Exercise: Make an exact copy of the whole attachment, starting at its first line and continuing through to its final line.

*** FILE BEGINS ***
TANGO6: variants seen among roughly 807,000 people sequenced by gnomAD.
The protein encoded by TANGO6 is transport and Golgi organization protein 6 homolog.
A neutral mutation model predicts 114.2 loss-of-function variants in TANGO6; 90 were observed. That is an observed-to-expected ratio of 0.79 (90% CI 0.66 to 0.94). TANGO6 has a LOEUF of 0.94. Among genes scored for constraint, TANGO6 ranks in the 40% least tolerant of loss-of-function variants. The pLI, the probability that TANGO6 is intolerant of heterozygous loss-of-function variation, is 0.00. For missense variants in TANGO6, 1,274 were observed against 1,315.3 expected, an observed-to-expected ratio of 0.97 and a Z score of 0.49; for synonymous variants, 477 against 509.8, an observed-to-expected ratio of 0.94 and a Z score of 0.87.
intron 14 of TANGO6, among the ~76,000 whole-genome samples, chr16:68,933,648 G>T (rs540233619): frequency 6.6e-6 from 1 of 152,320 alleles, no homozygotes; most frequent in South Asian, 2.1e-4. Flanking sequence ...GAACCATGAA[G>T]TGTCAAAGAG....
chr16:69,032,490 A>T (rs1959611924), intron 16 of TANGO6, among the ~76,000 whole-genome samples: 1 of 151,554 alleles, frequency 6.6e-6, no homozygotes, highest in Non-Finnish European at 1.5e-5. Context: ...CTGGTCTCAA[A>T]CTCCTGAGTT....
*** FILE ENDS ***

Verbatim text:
TANGO6: variants seen among roughly 807,000 people sequenced by gnomAD.
The protein encoded by TANGO6 is transport and Golgi organization protein 6 homolog.
A neutral mutation model predicts 114.2 loss-of-function variants in TANGO6; 90 were observed. That is an observed-to-expected ratio of 0.79 (90% CI 0.66 to 0.94). TANGO6 has a LOEUF of 0.94. Among genes scored for constraint, TANGO6 ranks in the 40% least tolerant of loss-of-function variants. The pLI, the probability that TANGO6 is intolerant of heterozygous loss-of-function variation, is 0.00. For missense variants in TANGO6, 1,274 were observed against 1,315.3 expected, an observed-to-expected ratio of 0.97 and a Z score of 0.49; for synonymous variants, 477 against 509.8, an observed-to-expected ratio of 0.94 and a Z score of 0.87.
intron 14 of TANGO6, among the ~76,000 whole-genome samples, chr16:68,933,648 G>T (rs540233619): frequency 6.6e-6 from 1 of 152,320 alleles, no homozygotes; most frequent in South Asian, 2.1e-4. Flanking sequence ...GAACCATGAA[G>T]TGTCAAAGAG....
chr16:69,032,490 A>T (rs1959611924), intron 16 of TANGO6, among the ~76,000 whole-genome samples: 1 of 151,554 alleles, frequency 6.6e-6, no homozygotes, highest in Non-Finnish European at 1.5e-5. Context: ...CTGGTCTCAA[A>T]CTCCTGAGTT....